A Special Warranty deed is a type of deed where the grantor (person who owns the property) guarantees that the title is clear during the period of his ownership of the property only. The person selling the house does not guarantee against defects in the title that may have existed before his ownership.
A Special Warranty deed generally uses the language "by, through or under the grantor but not otherwise."
A Special Warranty deed guarantees that the grantor has done nothing (by act or omission) during the time he held title to the property which has or may impair the future owner’s title in the property.
Although a General Warranty deed affords the most protection, a Special Warranty deed provides more protection than a Quit Claim deed, below.
A Quit Claim deed is a type of deed where the grantor transfers all interests he has in a property with no warranties or promises about the title to the grantee (new owner).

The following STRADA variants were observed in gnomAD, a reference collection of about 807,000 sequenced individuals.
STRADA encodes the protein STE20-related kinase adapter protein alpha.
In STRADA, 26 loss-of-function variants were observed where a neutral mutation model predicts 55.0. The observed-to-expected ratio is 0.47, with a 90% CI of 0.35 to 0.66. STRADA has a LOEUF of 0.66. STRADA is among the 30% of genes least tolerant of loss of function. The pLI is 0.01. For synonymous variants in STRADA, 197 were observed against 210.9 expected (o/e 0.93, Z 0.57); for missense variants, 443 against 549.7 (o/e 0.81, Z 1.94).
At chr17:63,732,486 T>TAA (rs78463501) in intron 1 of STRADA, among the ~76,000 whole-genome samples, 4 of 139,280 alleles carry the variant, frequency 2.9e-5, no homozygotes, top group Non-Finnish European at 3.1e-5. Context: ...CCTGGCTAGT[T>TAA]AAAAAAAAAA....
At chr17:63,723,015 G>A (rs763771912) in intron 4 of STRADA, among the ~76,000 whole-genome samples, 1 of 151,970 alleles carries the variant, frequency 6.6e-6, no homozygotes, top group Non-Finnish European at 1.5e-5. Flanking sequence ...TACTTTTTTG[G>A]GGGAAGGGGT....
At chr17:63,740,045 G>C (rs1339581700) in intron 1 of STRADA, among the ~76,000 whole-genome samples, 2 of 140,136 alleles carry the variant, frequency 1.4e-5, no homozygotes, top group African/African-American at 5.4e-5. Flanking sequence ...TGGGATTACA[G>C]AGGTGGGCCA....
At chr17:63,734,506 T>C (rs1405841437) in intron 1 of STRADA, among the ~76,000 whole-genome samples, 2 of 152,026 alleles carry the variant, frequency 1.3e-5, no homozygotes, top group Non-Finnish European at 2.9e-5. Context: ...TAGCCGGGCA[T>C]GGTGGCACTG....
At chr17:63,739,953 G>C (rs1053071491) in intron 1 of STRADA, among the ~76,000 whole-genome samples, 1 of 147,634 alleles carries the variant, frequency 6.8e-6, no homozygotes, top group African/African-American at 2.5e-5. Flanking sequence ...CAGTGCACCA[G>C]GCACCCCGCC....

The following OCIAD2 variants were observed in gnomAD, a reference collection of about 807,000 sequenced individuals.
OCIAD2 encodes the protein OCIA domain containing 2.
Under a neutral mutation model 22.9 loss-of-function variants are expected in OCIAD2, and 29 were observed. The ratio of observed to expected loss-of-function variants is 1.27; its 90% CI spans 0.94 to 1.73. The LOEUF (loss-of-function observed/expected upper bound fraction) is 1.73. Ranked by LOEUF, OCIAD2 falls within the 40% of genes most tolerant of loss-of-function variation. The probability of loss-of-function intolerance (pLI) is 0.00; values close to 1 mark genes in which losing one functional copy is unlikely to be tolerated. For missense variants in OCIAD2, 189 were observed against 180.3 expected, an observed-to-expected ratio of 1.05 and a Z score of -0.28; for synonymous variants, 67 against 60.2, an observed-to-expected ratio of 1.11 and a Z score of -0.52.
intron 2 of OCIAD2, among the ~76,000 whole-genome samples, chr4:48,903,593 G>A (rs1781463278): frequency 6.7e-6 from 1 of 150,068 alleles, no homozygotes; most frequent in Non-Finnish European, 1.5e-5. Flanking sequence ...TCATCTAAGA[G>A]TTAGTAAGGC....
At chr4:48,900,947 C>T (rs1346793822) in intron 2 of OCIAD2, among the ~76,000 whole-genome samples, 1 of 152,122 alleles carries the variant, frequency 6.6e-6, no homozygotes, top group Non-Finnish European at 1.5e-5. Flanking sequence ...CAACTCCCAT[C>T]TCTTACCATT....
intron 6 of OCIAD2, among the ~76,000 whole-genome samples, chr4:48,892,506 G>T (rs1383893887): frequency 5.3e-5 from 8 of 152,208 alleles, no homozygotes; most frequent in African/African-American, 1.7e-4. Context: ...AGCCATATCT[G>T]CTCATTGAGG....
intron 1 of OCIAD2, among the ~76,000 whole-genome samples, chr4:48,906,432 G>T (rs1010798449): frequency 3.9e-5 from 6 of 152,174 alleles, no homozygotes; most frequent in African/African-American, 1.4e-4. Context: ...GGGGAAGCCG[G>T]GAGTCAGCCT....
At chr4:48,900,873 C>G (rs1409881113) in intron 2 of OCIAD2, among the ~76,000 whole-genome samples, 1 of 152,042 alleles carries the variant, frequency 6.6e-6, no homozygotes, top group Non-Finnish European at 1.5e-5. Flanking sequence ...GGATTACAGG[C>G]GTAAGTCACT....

- It is often used to clear up defects in a title
- Transfers property between people well-known to each other, such as family members or divorcing spouses
- Buyers assumes all the risks
Since purchasing real estate is a significant investment, contacting a real estate attorney is useful in providing you with information regarding the laws in your state and may advise you of any further assurances, such as examining a title insurance policy, which may provide further protection.